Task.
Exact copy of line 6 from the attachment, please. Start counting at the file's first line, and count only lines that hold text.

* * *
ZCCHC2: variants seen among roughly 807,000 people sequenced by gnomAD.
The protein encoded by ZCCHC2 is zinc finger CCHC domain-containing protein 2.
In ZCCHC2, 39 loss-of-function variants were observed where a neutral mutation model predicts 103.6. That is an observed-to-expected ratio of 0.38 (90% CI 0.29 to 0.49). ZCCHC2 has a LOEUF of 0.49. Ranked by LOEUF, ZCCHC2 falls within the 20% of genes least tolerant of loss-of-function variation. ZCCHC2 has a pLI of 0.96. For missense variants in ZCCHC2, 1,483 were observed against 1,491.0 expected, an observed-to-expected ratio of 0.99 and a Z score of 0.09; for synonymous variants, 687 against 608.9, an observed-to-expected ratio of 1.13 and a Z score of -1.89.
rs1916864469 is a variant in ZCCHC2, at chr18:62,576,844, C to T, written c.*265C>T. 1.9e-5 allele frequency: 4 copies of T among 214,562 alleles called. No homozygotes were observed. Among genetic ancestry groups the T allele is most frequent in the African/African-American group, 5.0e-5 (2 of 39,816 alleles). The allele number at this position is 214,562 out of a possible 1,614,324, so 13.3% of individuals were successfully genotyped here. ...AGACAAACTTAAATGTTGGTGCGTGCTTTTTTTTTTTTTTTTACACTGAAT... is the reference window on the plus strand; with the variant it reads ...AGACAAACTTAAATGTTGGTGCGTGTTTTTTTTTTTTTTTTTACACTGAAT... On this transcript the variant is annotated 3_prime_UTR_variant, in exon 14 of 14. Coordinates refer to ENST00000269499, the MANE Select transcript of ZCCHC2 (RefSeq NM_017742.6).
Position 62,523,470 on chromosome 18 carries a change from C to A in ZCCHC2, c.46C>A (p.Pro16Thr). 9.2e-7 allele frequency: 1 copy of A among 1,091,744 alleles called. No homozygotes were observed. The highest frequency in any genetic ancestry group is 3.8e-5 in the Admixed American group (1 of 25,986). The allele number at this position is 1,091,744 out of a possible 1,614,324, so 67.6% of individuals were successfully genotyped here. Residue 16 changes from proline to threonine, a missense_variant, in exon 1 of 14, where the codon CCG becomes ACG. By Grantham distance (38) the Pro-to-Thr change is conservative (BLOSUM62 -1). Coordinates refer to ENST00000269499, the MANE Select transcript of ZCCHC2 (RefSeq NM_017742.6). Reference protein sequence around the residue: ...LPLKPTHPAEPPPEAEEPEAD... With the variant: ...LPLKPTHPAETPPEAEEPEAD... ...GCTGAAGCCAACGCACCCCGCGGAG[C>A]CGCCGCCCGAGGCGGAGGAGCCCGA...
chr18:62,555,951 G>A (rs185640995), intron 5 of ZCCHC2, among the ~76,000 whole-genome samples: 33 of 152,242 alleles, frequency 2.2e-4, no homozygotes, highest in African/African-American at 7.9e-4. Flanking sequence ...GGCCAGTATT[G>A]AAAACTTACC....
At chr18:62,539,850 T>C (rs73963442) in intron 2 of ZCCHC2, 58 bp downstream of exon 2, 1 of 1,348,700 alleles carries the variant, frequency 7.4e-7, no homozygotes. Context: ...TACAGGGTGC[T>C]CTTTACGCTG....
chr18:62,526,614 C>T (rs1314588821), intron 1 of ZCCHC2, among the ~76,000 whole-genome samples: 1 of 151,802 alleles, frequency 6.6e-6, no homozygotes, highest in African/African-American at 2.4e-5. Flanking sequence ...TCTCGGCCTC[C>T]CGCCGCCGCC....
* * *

chr18:62,555,951 G>A (rs185640995), intron 5 of ZCCHC2, among the ~76,000 whole-genome samples: 33 of 152,242 alleles, frequency 2.2e-4, no homozygotes, highest in African/African-American at 7.9e-4. Flanking sequence ...GGCCAGTATT[G>A]AAAACTTACC....